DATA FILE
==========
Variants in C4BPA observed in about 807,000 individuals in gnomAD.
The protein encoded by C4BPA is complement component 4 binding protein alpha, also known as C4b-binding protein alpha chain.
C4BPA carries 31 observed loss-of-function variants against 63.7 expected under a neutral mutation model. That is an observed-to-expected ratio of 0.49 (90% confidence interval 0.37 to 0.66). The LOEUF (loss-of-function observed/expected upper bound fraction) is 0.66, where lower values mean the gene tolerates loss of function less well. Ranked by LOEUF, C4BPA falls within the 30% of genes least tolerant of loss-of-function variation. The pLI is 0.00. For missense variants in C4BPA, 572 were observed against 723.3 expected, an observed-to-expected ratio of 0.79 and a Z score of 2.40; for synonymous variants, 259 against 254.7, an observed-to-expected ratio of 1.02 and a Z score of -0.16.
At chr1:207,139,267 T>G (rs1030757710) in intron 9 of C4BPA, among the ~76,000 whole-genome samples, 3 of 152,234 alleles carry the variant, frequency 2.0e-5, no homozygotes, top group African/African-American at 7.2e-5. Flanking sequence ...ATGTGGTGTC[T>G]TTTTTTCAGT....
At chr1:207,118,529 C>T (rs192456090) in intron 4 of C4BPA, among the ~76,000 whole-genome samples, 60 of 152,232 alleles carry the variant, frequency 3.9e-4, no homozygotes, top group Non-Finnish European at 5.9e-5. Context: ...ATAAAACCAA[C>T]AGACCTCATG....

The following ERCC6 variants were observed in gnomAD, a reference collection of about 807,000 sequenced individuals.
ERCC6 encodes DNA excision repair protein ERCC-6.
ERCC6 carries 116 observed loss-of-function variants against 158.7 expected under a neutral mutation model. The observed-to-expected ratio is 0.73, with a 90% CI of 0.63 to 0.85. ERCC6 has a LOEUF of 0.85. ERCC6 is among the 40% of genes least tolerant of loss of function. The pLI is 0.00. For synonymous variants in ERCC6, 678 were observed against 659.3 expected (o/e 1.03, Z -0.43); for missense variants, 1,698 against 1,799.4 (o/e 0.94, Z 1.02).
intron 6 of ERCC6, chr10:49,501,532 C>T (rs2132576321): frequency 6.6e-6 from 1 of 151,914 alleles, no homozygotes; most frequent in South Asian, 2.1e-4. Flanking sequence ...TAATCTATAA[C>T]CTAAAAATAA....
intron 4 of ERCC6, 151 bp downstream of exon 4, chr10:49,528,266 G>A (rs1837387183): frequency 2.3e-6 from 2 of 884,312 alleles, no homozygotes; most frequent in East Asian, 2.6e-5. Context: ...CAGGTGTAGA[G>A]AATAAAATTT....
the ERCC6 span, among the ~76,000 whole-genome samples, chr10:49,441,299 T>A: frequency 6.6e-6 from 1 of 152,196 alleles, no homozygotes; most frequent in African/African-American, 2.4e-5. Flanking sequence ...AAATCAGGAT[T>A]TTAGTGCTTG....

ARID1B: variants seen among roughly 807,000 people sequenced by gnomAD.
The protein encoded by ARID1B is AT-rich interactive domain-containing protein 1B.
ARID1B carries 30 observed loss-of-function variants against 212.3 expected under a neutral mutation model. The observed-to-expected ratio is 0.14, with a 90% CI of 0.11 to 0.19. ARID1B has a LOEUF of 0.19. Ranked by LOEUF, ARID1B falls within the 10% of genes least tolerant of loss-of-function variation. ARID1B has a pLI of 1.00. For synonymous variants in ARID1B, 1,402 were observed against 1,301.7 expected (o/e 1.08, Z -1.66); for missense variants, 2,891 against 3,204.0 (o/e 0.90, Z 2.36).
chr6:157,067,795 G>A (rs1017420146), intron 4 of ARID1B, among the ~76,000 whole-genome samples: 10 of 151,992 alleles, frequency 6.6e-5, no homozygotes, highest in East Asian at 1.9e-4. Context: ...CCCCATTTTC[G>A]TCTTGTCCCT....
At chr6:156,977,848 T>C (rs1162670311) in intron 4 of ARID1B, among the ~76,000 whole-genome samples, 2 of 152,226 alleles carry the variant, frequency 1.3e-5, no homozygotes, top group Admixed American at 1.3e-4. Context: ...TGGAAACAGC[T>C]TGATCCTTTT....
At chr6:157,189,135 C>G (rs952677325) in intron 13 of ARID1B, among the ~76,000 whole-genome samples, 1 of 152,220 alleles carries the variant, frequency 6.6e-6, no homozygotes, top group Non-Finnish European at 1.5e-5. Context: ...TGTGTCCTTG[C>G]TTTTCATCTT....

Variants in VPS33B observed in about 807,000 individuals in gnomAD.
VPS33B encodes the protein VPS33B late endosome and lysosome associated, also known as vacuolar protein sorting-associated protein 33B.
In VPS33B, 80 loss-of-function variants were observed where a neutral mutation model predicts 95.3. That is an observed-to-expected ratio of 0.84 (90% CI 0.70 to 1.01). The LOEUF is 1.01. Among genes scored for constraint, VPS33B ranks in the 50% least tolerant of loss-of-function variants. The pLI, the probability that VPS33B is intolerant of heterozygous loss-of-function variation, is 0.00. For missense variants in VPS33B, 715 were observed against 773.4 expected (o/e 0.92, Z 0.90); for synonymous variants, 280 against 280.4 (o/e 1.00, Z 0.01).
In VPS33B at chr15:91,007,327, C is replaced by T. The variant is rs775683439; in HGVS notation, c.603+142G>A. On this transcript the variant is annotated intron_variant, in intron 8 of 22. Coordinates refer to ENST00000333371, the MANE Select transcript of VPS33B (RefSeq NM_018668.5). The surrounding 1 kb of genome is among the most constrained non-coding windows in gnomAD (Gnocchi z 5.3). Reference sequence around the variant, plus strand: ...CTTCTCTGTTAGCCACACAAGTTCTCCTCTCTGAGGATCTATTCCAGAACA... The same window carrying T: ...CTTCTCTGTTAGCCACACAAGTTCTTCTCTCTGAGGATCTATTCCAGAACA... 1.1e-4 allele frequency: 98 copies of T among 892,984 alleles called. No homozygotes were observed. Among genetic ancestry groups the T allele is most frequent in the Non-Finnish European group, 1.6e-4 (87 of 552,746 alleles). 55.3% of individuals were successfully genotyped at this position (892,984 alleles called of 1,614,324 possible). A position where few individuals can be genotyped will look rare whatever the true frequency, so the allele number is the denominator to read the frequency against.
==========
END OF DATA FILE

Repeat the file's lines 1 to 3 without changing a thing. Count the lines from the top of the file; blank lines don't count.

Variants in C4BPA observed in about 807,000 individuals in gnomAD.
The protein encoded by C4BPA is complement component 4 binding protein alpha, also known as C4b-binding protein alpha chain.
C4BPA carries 31 observed loss-of-function variants against 63.7 expected under a neutral mutation model. That is an observed-to-expected ratio of 0.49 (90% confidence interval 0.37 to 0.66). The LOEUF (loss-of-function observed/expected upper bound fraction) is 0.66, where lower values mean the gene tolerates loss of function less well. Ranked by LOEUF, C4BPA falls within the 30% of genes least tolerant of loss-of-function variation. The pLI is 0.00. For missense variants in C4BPA, 572 were observed against 723.3 expected, an observed-to-expected ratio of 0.79 and a Z score of 2.40; for synonymous variants, 259 against 254.7, an observed-to-expected ratio of 1.02 and a Z score of -0.16.